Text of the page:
Breaking News, Politics

From Our Homes To Theirs – Responding To Attawapiskat

Xenia Benivolski (l) and Stephanie Guthrie help two kids who have come to make a donation to help Attawapiskat. Image: Joyce Grant
Xenia Benivolski (l) and Stephanie Guthrie help two kids who have come to make a donation to help Attawapiskat. Image: Joyce Grant

When Xenia Benivolski heard about the problems in Attawapiskat, she wanted to do something to help.

The people in the northern Ontario community of Attawapiskat are living in terrible housing conditions, often without heat or running water. Temperatures there drop to -20C at night. The community has declared a “state of emergency.”

Benivolski set up a Facebook page, asking people to donate items to help the community.

“Then people started Tweeting about it… and it just kind of snowballed,” says Stephanie Guthrie, a friend who is helping with the drive. “You see something (like this) happening and you just can’t not do anything.”

They had to make a complicated series of arrangements to get the donated items up to Attawpiskat. The main problem is that everything has to be flown in by plane because the community is so remote.

Air Creebec offered to fly items for free from Timmins to Attawapiskat. However, the donations still needed to get to Timmins, eight hours away. Benivolski was prepared to have to drive there herself, but an aid agency called True North Aid stepped in and offered trucking from Mississauga to Timmins.

Benivolski needed to a way get everything to Mississauga, which is on the outskirts of Toronto. She posted a note on Facebook and, “within minutes we got the money for a truck rental. The truck is leaving Wednesday.”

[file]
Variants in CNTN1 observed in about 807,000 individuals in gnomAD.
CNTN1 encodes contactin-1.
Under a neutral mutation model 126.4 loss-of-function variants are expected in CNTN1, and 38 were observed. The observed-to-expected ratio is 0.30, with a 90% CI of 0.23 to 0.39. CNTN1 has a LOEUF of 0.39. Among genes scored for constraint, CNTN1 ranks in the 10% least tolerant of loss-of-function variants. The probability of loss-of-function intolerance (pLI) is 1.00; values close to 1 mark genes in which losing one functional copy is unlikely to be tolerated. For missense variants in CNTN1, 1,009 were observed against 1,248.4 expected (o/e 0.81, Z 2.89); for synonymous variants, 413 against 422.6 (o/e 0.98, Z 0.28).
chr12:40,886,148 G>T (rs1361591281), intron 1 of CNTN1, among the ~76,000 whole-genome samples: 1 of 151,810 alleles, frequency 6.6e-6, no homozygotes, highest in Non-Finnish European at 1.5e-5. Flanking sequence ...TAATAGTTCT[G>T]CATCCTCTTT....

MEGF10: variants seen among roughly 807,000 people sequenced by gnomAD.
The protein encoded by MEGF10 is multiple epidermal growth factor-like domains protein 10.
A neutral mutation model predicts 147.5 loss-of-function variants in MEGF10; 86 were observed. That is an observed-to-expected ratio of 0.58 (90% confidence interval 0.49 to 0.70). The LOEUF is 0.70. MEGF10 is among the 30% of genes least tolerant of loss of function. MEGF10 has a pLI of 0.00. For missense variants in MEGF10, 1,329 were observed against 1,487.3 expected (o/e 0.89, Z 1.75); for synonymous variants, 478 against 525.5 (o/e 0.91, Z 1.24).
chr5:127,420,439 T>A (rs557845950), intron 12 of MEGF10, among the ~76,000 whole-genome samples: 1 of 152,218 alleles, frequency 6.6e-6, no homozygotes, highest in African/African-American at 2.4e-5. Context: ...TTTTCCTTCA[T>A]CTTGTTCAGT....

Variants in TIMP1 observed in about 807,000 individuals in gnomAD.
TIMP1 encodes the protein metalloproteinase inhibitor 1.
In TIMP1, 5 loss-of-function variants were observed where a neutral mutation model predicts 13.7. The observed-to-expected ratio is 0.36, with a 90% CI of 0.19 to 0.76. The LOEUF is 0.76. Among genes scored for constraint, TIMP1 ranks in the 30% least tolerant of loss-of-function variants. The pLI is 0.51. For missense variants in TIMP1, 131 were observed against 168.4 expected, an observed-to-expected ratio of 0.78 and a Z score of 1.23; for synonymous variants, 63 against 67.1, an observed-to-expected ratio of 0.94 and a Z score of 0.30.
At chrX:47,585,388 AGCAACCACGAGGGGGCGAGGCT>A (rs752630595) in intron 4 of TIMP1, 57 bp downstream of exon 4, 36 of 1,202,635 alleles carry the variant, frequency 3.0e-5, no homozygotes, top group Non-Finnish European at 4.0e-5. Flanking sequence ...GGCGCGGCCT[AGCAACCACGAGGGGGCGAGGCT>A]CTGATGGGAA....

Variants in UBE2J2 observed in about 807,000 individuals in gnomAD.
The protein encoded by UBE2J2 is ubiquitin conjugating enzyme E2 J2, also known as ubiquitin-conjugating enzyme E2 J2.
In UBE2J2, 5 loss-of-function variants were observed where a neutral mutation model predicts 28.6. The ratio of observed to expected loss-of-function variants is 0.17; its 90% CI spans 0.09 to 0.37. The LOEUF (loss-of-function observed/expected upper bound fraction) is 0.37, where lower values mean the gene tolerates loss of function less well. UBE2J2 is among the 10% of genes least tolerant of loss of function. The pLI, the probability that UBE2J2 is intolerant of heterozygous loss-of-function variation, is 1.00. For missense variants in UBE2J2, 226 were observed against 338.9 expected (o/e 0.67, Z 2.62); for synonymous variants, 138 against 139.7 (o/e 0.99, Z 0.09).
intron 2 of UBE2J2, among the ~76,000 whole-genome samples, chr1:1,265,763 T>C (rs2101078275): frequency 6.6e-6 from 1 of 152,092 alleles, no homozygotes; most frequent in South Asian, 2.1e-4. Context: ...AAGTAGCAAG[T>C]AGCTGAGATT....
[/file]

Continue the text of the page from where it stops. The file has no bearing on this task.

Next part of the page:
In the meantime, the group is in an art space at 58 Ossington Ave. in Toronto, collecting everything from sports equipment to winter clothing, medicine, blankets and heaters.

Attawapiskat donation depot Xpace
Xpace, an art gallery, is being used as a temporary donation drop-off centre.

On Monday and Tuesday, volunteers will be helping to sort the items and package them in boxes ready for travel.

Benivolski’s is just one of many Facebook pages set up to help the people of Attawapiskat. There is one set up for artists to donate art, with the proceeds going to the community.

Financial donations can be made online at, by calling 1-800-418-1111 or through local Canadian Red Cross offices. Cheques should be made payable to the Canadian Red Cross, earmarked “Attawapiskat” and can also be mailed to the Canadian Red Cross, Ontario Zone, 5700 Cancross Court, Mississauga, ON, L5R 3E9.

Related Information
Here is what the name Attawapiskat looks like in Cree (according to Wikipedia): ᐋᐦᑕᐙᐱᐢᑲᑐᐎ ᐃᓂᓂᐧᐊᐠ  The word means, “a path between the rocks.”

By Kathleen Tilly

Writing/Discussion Prompt
How do you think social media, such as Facebook and Twitter, have changed how people respond to emergencies, such as Attawapiskat? Do you think the presence of social media helps or hinders people’s understanding of, and involvement in, crises?

Reading Prompt:
What characteristics would you use to describe Benivolski?  Use evidence from the text to support your thinking.

Make judgements and draw conclusions about the ideas and information in texts and cite stated or implied evidence from the text to support their views (OME, Reading: 1.8).

Evaluate the effectiveness of both simple and complex texts based on evidence from the texts (OME, Reading: 1.8).

Grammar Feature: 5 Ws (interrogatives)
In newspaper articles, 5 main questions often are answered: who, what, when, why, where.  How is also a common question/answer.
Read this article carefully and fill in the 5 Ws (and an H) for this article.

Who: _____________________________________________

What: _____________________________________________

When: _____________________________________________

Why: _____________________________________________

Where: _____________________________________________

How: _____________________________________________